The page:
Interracial marriages on the rise
Weekly Edition | February 23, 2012 | By: NP writer
In 2000, Alabama became the last state to remove its unenforceable ban on intermarriage.
Pat Buchanan wrote a book titled, “Suicide of a Superpower,” it was published in October. Almost immediately, Buchanan was baked for writing chapters such as the one entitled “The End of White America,” he was fired from MSNBC and the networks president Phil Griffin said that sections of the book were not “appropriate for the national dialogue”
In history it wasn’t allowed, Marriage across racial lines is more common in the Western states but now Interracial and inter-ethnic marriages are at an all-time high in the US, according to a new study done by Pew Research Center. In 2010, 15% of all new marriages were between couples of a difference race or ethnic group, up from 7% in 1980. It showed increasing public acceptance of intermarriage, with 43% saying it as been a societal change for the better.
Pew said Asian and Hispanic newlyweds were the most likely to marry someone across racial or ethnic lines. The US Supreme Court barred states from using race-based restrictions on marriage in 1967. In 2000, Alabama became the last state to remove its unenforceable ban on intermarriage.
“In the past century, intermarriage has evolved from being illegal, to be a taboo and then to be merely unusual,” Paul Taylor, director of Pew’s Social & Demographic Trends said. “And with each passing year, it becomes less unusual.”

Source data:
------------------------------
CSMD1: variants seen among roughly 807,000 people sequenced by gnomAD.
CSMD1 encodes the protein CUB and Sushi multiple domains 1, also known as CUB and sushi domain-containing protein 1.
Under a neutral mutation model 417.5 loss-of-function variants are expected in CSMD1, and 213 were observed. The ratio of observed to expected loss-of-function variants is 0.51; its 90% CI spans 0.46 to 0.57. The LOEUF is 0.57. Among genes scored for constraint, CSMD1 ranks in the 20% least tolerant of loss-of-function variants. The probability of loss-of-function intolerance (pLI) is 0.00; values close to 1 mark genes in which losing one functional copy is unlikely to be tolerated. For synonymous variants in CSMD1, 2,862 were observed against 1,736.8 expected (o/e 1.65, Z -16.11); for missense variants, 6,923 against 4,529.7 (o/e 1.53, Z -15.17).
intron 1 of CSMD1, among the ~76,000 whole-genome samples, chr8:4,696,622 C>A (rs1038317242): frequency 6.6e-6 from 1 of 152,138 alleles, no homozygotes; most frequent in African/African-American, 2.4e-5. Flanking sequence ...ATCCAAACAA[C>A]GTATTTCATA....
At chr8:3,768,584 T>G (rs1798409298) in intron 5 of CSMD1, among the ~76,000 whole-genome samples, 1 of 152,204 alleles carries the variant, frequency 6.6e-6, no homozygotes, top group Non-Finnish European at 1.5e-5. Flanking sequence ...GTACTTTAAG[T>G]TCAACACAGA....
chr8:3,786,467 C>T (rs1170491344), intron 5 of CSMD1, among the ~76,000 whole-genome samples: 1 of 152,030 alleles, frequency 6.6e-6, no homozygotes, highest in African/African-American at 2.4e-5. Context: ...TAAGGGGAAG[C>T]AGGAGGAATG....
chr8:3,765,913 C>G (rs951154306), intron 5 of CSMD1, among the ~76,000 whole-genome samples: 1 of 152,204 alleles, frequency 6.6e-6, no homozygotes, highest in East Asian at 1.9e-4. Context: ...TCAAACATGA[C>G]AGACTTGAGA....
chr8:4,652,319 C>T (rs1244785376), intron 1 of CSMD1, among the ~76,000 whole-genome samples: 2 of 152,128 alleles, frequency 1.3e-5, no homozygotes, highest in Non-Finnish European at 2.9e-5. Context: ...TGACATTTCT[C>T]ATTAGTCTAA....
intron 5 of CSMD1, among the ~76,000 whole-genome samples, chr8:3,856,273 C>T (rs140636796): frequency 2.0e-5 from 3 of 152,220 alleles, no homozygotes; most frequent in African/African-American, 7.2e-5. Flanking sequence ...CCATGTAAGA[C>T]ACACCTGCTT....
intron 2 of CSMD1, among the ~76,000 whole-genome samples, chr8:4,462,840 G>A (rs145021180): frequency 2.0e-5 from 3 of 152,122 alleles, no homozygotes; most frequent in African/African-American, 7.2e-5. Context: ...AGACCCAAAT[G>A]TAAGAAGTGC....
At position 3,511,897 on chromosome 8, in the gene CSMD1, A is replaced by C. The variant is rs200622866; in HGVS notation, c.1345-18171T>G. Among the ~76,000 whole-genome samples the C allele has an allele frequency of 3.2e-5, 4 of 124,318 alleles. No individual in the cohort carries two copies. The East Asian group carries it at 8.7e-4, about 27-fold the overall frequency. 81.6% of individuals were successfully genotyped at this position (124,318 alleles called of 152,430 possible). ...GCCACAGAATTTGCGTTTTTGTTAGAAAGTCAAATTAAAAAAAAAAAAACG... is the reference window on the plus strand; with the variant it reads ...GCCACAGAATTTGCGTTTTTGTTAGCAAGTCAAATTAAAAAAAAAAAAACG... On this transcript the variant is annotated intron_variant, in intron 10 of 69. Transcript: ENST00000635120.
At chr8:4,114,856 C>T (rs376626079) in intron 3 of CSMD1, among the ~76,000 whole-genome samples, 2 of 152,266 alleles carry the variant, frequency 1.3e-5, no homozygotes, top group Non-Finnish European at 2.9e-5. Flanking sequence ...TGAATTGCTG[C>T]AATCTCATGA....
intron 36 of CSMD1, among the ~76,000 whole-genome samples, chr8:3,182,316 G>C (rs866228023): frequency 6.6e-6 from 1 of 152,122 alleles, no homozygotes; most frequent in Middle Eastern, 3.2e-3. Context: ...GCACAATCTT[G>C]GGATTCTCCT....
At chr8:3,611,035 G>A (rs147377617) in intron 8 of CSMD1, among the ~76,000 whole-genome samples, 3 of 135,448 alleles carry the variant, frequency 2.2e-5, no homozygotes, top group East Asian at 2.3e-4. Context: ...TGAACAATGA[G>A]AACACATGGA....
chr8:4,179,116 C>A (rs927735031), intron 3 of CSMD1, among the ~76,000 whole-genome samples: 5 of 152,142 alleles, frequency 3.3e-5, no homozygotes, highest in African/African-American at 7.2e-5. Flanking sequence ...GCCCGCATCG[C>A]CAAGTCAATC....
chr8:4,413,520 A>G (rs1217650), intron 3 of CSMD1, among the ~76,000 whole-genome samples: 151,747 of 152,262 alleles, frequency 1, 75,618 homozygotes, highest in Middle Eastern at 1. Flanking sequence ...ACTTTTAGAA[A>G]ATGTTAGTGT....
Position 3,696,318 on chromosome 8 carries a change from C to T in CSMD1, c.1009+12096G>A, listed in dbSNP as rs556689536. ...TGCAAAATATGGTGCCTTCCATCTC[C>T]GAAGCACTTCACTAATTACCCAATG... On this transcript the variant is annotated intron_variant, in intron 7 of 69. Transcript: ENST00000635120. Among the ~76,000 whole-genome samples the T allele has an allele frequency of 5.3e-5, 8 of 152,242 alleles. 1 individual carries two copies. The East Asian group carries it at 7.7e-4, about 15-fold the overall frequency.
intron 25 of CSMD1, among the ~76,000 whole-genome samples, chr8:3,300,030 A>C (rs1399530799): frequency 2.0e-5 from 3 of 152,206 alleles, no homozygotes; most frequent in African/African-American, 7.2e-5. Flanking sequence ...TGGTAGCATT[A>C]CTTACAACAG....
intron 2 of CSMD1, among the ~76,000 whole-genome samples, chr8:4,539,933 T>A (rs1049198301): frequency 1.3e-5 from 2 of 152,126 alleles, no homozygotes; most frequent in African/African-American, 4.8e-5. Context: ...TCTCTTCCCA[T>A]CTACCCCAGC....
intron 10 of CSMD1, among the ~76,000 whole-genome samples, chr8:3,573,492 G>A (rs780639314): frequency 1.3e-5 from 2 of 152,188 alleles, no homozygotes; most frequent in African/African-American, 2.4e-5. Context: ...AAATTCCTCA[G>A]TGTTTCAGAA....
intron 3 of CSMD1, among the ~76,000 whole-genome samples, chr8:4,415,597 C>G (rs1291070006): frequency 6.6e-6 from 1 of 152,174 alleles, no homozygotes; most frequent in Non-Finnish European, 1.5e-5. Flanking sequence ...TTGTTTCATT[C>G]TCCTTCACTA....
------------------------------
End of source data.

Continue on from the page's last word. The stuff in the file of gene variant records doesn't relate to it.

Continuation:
The Pew study also said in In 2010, the total number of all intermarried couples in the US reached an all-time high of 8.4%. Mr Taylor said that while high, interracial marriages among Hispanics and Asians may be slowing recently as recent immigration provides ethnically similar partners.
However, the growing number of inter-race and inter-ethnic marriages is a long-term trend, he said. adding “Behaviors have changed and attitudes have changed,” Mr Taylor said. “For younger Americans, racial and ethnic diversity are a part of their lives.”
In new study, nearly two-thirds of Americans said it “would be fine” if a member of their own family were to marry outside their race.
In 1986, a similar set of questions suggested the US was more divided, with 28% saying intermarriage was not acceptable at all, and 37% saying it was not acceptable for themselves. In Hawaii, more than four in 10 of all new marriages were between different races.